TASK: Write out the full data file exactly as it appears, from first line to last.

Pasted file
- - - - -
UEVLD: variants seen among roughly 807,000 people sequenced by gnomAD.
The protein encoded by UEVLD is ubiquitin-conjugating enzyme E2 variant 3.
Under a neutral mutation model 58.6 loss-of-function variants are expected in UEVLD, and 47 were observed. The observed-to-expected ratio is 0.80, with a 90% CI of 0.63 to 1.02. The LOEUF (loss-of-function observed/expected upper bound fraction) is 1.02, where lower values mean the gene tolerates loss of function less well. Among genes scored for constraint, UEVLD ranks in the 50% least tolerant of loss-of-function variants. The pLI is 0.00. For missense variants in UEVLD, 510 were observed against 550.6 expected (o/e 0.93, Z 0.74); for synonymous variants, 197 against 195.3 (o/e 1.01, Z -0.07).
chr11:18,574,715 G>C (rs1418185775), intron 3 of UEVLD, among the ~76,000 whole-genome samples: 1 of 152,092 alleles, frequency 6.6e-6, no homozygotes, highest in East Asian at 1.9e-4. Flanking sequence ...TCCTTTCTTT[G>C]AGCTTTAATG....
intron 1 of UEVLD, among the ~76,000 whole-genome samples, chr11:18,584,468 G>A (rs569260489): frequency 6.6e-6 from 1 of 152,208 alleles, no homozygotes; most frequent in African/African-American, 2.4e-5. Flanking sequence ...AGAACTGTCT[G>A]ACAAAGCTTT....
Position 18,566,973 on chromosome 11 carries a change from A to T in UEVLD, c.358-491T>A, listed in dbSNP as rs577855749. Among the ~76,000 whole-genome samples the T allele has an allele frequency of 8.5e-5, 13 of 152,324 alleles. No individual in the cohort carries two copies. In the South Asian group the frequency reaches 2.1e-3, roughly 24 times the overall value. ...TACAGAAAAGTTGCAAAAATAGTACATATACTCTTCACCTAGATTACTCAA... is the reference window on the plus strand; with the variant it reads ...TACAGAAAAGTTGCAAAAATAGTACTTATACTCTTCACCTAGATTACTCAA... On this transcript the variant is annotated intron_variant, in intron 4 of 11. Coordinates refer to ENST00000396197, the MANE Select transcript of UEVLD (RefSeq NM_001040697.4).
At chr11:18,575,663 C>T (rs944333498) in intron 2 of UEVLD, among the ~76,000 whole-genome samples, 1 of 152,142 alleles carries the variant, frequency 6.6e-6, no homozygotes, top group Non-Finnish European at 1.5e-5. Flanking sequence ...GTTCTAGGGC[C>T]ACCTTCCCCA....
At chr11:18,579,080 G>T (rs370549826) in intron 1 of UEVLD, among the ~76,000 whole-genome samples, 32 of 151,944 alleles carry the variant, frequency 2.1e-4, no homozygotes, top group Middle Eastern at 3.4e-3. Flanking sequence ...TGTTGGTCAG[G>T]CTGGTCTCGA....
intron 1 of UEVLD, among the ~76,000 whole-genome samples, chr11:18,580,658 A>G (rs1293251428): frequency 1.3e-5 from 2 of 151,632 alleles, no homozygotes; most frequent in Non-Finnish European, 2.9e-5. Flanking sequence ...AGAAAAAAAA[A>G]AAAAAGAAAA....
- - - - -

UEVLD: variants seen among roughly 807,000 people sequenced by gnomAD.
The protein encoded by UEVLD is ubiquitin-conjugating enzyme E2 variant 3.
Under a neutral mutation model 58.6 loss-of-function variants are expected in UEVLD, and 47 were observed. The observed-to-expected ratio is 0.80, with a 90% CI of 0.63 to 1.02. The LOEUF (loss-of-function observed/expected upper bound fraction) is 1.02, where lower values mean the gene tolerates loss of function less well. Among genes scored for constraint, UEVLD ranks in the 50% least tolerant of loss-of-function variants. The pLI is 0.00. For missense variants in UEVLD, 510 were observed against 550.6 expected (o/e 0.93, Z 0.74); for synonymous variants, 197 against 195.3 (o/e 1.01, Z -0.07).
chr11:18,574,715 G>C (rs1418185775), intron 3 of UEVLD, among the ~76,000 whole-genome samples: 1 of 152,092 alleles, frequency 6.6e-6, no homozygotes, highest in East Asian at 1.9e-4. Flanking sequence ...TCCTTTCTTT[G>C]AGCTTTAATG....
intron 1 of UEVLD, among the ~76,000 whole-genome samples, chr11:18,584,468 G>A (rs569260489): frequency 6.6e-6 from 1 of 152,208 alleles, no homozygotes; most frequent in African/African-American, 2.4e-5. Flanking sequence ...AGAACTGTCT[G>A]ACAAAGCTTT....
Position 18,566,973 on chromosome 11 carries a change from A to T in UEVLD, c.358-491T>A, listed in dbSNP as rs577855749. Among the ~76,000 whole-genome samples the T allele has an allele frequency of 8.5e-5, 13 of 152,324 alleles. No individual in the cohort carries two copies. In the South Asian group the frequency reaches 2.1e-3, roughly 24 times the overall value. ...TACAGAAAAGTTGCAAAAATAGTACATATACTCTTCACCTAGATTACTCAA... is the reference window on the plus strand; with the variant it reads ...TACAGAAAAGTTGCAAAAATAGTACTTATACTCTTCACCTAGATTACTCAA... On this transcript the variant is annotated intron_variant, in intron 4 of 11. Coordinates refer to ENST00000396197, the MANE Select transcript of UEVLD (RefSeq NM_001040697.4).
At chr11:18,575,663 C>T (rs944333498) in intron 2 of UEVLD, among the ~76,000 whole-genome samples, 1 of 152,142 alleles carries the variant, frequency 6.6e-6, no homozygotes, top group Non-Finnish European at 1.5e-5. Flanking sequence ...GTTCTAGGGC[C>T]ACCTTCCCCA....
At chr11:18,579,080 G>T (rs370549826) in intron 1 of UEVLD, among the ~76,000 whole-genome samples, 32 of 151,944 alleles carry the variant, frequency 2.1e-4, no homozygotes, top group Middle Eastern at 3.4e-3. Flanking sequence ...TGTTGGTCAG[G>T]CTGGTCTCGA....
intron 1 of UEVLD, among the ~76,000 whole-genome samples, chr11:18,580,658 A>G (rs1293251428): frequency 1.3e-5 from 2 of 151,632 alleles, no homozygotes; most frequent in Non-Finnish European, 2.9e-5. Flanking sequence ...AGAAAAAAAA[A>G]AAAAAGAAAA....